Help Make a Video Game History Museum

by Ben Reeves on Aug 02, 2011 at 01:17 PM

A non-profit charity dedicated to preserving, archiving, and documenting video game history, is working hard to preserve of video game heritage. The organization, appropriately titled The Videogame History Museum, has already collected over 25,000 pieces of video game memorabilia. Pieces of this collection can be see every year at national conventions such as E3, PAX, and Classic Game Expo, but the organization has long dream of something bigger – a dedicated site where people from all walks of life could visit and discover the untold stories of the gaming industry.

A number of video game luminaries, such as Brown Box inventor Ralph Baer, Atari founder Nolan Bushnell, and David Crane creator of Pitfall!, have already joined the organizations board of directors, showing support for this cause. But the organization is still far from realizing its dream. In early July, co-founders John Hardie, Sean Kelly, and Joe Santulli started a Kickstarter campaign to raise over $30,000 (donate to the Kickstarter campaign here). We talked with Santulli to find out how a video game museum would benefit the industry. (Check out our extended interview with Santulli in issue 221 of Game Informer.)

How will the Kickstarter money be used?
Our extended family of donors are all over the place. We have a storage facility in Las Vegas. We have personal collections in New York and New Jersey, and Chicago, and then we have guys who help us with very specific parts of the museum. Chris Romero does the Vectrex stuff and his stuff is all sitting in a storage facility in southern California. We do these little exhibits here and there, and each time we have to do this it’s a major logistical effort to pull all of the pieces that we think we need from each collection and get them into one centralized location. What we want to do is get ahead of that process and put everything in a centralized location, so that we can then mobilize from on point to wherever we need to be, which of course would be the very first block in building a museum.

How long do you think it will be before we can have an actual dedicated museum?
I would foresee it happening in the next six years, realistically. I would love to see it happen sooner, but it’s not a matter of logistics; it’s a matter of we need a building. It’s going to take a far amount of money, or some luck to make that happen, but given a dedicated effort to keep pushing this forward, I would say, within six years we should have some kind of a place that people could walk into. It would probably be similar to what we have exhibited at Classic Gaming Expo in that it will be very diverse and have a lot of really cool, one of a kind things, and certainly would take up a couple hours of your time. If we have to build something, it’s going to take a lot longer than that, so we’re looking at hopefully getting lucky, or being resourceful enough to find a place of our own that we can convert into a museum.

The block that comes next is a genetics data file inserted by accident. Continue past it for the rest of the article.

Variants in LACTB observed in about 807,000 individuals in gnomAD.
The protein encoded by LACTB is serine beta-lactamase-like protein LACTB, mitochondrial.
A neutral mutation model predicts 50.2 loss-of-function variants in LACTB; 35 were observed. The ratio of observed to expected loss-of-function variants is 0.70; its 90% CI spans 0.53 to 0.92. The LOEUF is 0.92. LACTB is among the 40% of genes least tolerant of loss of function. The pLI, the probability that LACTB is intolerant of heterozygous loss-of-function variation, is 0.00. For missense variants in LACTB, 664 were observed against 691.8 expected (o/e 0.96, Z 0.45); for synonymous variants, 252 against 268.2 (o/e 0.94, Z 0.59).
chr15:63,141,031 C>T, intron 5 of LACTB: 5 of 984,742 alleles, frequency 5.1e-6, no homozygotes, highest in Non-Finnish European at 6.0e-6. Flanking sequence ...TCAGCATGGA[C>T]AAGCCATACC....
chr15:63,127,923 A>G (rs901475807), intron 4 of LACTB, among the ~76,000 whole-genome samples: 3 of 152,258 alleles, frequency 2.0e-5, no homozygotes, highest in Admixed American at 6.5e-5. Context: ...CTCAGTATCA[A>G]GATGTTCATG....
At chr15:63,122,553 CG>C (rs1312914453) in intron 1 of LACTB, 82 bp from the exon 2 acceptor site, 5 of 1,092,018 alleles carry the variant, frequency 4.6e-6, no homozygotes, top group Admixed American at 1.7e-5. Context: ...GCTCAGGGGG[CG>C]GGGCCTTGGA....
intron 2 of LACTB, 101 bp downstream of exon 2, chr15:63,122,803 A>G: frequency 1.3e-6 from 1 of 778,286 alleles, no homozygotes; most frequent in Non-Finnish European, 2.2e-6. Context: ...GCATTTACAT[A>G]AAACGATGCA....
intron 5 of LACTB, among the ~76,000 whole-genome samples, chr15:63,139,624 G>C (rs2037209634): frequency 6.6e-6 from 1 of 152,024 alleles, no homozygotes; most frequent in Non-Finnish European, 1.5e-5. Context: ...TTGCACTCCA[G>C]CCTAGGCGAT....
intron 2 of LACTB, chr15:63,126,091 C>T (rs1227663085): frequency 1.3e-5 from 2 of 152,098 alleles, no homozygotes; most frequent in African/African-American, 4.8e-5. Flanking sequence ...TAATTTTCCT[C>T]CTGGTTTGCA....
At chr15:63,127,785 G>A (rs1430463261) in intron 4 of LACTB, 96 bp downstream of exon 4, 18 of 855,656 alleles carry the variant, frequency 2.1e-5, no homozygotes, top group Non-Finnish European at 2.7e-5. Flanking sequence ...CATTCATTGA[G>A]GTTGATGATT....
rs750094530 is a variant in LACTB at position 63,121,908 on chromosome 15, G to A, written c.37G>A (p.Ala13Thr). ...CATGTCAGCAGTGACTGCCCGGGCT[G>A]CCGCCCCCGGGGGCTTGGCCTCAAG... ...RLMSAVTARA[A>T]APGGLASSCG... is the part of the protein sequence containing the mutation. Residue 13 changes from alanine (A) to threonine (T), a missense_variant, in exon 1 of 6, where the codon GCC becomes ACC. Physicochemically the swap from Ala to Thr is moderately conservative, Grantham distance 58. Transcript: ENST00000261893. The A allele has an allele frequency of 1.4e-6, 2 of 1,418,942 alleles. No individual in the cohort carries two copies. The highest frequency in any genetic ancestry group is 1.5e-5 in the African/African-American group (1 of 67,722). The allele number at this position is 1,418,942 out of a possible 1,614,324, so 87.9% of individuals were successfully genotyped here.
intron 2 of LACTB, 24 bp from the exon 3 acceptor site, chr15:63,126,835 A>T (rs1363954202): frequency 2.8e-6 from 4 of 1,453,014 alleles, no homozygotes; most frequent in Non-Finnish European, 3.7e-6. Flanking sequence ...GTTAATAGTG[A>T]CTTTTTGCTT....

Do you guys already have a name picked out for this?
Well out company is called The Videogame History Museum, and it’s a 501 (c)(3) non-profit charity, and that company name would ultimately be the name of the building.

Why don’t you think anyone has done a video game museum before?
It would be ignorant of me to say that there isn’t such a thing already. There are a few places like this. For example, The Strong Museum of Play in Rochester New York. The video game selection itself, while it’s very impressive, is very minimalist compared to what we’re trying to do. They provide a very nice timeline, but not much of it is interactive, and it doesn’t go very deep into the people and the stories that made the industry what it was…It’s great to have all the consoles, and all the handhelds, and allow players to come up and play the games and remember what it was like, but what we want to do is go deeper into the history of these things. What we’ve learned over the years is that the people and the stories behind how all this happened are far more interesting than the games themselves.

How would this museum be different that other museums?
I’ll tell you what, I don’t like museums. I find them boring. I often walk into them and can’t wait to get out. I’m usually there because someone else wanted to go. It’s not that I’m not interested in the history of these things, it’s just that to me there is a very sleepy feeling about them. That isn’t going to happen with our museum. If I’m involved, there is no way anyone is going to be bored walking into our museum. It’s an exciting industry and exciting culture. Sometimes I even wonder if the word museum is the right word for it. If it wasn’t for the fact that we are documenting, archiving, and displaying history, I’m not sure we would call it a museum. I think that the place would be so interactive that it would almost be like an amusement park or an arcade. I don’t know what the word is for something like this.